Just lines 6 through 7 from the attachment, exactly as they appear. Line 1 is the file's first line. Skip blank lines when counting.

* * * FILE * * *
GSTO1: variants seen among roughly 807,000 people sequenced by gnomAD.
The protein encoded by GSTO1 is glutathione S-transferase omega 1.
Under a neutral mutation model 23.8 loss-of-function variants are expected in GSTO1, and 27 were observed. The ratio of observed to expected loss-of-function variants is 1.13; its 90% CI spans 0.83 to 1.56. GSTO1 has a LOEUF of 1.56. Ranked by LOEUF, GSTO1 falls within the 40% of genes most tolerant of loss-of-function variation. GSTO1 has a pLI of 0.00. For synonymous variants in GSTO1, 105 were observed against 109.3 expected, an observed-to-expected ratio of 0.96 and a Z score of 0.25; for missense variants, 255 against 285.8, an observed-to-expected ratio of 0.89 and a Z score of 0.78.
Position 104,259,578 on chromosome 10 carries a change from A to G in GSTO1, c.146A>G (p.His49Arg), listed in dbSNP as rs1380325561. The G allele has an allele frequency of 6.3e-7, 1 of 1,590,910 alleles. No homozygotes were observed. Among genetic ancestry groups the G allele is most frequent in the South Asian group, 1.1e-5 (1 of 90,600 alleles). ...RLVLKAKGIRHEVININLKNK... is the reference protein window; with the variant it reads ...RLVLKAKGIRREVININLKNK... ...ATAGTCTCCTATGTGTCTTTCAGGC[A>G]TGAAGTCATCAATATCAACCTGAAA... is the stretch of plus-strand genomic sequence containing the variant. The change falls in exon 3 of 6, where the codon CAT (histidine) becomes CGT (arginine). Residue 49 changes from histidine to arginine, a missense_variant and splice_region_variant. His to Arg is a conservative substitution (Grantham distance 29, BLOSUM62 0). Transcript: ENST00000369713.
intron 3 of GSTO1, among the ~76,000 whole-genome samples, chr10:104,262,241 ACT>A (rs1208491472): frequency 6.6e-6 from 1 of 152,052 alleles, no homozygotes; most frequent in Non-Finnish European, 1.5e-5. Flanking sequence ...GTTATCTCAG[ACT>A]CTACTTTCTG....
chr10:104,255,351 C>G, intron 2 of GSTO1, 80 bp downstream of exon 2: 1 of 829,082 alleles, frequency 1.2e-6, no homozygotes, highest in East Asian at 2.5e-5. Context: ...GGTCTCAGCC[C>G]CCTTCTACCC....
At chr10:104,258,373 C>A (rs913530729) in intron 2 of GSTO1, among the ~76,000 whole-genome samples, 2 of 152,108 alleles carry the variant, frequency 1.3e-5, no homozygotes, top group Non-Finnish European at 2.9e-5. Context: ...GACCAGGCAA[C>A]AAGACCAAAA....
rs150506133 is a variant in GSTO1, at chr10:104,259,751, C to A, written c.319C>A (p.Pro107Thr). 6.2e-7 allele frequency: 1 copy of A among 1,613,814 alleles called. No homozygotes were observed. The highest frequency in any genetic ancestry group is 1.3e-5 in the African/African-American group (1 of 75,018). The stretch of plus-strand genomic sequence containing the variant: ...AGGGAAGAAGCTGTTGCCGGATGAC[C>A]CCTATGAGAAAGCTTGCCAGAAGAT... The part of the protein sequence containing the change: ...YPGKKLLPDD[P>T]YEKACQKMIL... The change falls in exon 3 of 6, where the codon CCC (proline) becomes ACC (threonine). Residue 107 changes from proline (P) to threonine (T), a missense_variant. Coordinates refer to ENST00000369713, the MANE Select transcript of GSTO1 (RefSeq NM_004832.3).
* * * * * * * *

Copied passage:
chr10:104,255,351 C>G, intron 2 of GSTO1, 80 bp downstream of exon 2: 1 of 829,082 alleles, frequency 1.2e-6, no homozygotes, highest in East Asian at 2.5e-5. Context: ...GGTCTCAGCC[C>G]CCTTCTACCC....
At chr10:104,258,373 C>A (rs913530729) in intron 2 of GSTO1, among the ~76,000 whole-genome samples, 2 of 152,108 alleles carry the variant, frequency 1.3e-5, no homozygotes, top group Non-Finnish European at 2.9e-5. Context: ...GACCAGGCAA[C>A]AAGACCAAAA....